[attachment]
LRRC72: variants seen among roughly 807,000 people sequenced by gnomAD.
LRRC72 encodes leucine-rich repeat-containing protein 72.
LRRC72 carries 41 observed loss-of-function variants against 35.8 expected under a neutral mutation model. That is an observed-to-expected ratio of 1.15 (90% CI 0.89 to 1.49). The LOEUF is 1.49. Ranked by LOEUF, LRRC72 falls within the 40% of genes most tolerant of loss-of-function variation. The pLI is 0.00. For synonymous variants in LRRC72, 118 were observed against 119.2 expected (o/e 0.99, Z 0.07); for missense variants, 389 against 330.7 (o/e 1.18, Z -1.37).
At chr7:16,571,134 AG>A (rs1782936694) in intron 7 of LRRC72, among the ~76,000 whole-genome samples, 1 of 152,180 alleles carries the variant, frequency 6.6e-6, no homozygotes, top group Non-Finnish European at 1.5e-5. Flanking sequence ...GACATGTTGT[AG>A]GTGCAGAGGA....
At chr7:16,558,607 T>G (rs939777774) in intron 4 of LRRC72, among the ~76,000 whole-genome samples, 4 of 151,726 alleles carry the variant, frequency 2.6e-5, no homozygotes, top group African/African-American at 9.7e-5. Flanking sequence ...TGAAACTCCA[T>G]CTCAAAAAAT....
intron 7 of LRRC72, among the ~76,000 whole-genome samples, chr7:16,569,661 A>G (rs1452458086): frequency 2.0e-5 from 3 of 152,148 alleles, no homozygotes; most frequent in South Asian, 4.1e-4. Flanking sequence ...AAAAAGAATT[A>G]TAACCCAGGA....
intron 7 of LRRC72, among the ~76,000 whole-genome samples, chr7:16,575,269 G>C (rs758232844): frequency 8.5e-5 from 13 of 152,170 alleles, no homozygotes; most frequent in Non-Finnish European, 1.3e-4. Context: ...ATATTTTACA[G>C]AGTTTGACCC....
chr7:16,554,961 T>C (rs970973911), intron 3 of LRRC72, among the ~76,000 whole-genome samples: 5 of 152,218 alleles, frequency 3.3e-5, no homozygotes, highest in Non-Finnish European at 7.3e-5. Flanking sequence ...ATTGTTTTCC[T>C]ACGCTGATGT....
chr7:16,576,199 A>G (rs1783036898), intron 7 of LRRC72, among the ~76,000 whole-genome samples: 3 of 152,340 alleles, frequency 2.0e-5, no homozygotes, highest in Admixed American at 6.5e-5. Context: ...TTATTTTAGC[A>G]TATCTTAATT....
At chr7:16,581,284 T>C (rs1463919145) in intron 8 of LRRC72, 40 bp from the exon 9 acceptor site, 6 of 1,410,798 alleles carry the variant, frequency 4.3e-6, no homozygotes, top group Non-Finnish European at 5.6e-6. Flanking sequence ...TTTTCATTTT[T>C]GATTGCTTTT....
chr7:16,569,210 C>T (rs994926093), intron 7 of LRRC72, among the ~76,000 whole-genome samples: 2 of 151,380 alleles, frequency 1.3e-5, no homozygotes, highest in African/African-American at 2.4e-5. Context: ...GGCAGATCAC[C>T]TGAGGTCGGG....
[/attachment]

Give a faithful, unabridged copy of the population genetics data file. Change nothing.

LRRC72: variants seen among roughly 807,000 people sequenced by gnomAD.
LRRC72 encodes leucine-rich repeat-containing protein 72.
LRRC72 carries 41 observed loss-of-function variants against 35.8 expected under a neutral mutation model. That is an observed-to-expected ratio of 1.15 (90% CI 0.89 to 1.49). The LOEUF is 1.49. Ranked by LOEUF, LRRC72 falls within the 40% of genes most tolerant of loss-of-function variation. The pLI is 0.00. For synonymous variants in LRRC72, 118 were observed against 119.2 expected (o/e 0.99, Z 0.07); for missense variants, 389 against 330.7 (o/e 1.18, Z -1.37).
At chr7:16,571,134 AG>A (rs1782936694) in intron 7 of LRRC72, among the ~76,000 whole-genome samples, 1 of 152,180 alleles carries the variant, frequency 6.6e-6, no homozygotes, top group Non-Finnish European at 1.5e-5. Flanking sequence ...GACATGTTGT[AG>A]GTGCAGAGGA....
At chr7:16,558,607 T>G (rs939777774) in intron 4 of LRRC72, among the ~76,000 whole-genome samples, 4 of 151,726 alleles carry the variant, frequency 2.6e-5, no homozygotes, top group African/African-American at 9.7e-5. Flanking sequence ...TGAAACTCCA[T>G]CTCAAAAAAT....
intron 7 of LRRC72, among the ~76,000 whole-genome samples, chr7:16,569,661 A>G (rs1452458086): frequency 2.0e-5 from 3 of 152,148 alleles, no homozygotes; most frequent in South Asian, 4.1e-4. Flanking sequence ...AAAAAGAATT[A>G]TAACCCAGGA....
intron 7 of LRRC72, among the ~76,000 whole-genome samples, chr7:16,575,269 G>C (rs758232844): frequency 8.5e-5 from 13 of 152,170 alleles, no homozygotes; most frequent in Non-Finnish European, 1.3e-4. Context: ...ATATTTTACA[G>C]AGTTTGACCC....
chr7:16,554,961 T>C (rs970973911), intron 3 of LRRC72, among the ~76,000 whole-genome samples: 5 of 152,218 alleles, frequency 3.3e-5, no homozygotes, highest in Non-Finnish European at 7.3e-5. Flanking sequence ...ATTGTTTTCC[T>C]ACGCTGATGT....
chr7:16,576,199 A>G (rs1783036898), intron 7 of LRRC72, among the ~76,000 whole-genome samples: 3 of 152,340 alleles, frequency 2.0e-5, no homozygotes, highest in Admixed American at 6.5e-5. Context: ...TTATTTTAGC[A>G]TATCTTAATT....
At chr7:16,581,284 T>C (rs1463919145) in intron 8 of LRRC72, 40 bp from the exon 9 acceptor site, 6 of 1,410,798 alleles carry the variant, frequency 4.3e-6, no homozygotes, top group Non-Finnish European at 5.6e-6. Flanking sequence ...TTTTCATTTT[T>C]GATTGCTTTT....
chr7:16,569,210 C>T (rs994926093), intron 7 of LRRC72, among the ~76,000 whole-genome samples: 2 of 151,380 alleles, frequency 1.3e-5, no homozygotes, highest in African/African-American at 2.4e-5. Context: ...GGCAGATCAC[C>T]TGAGGTCGGG....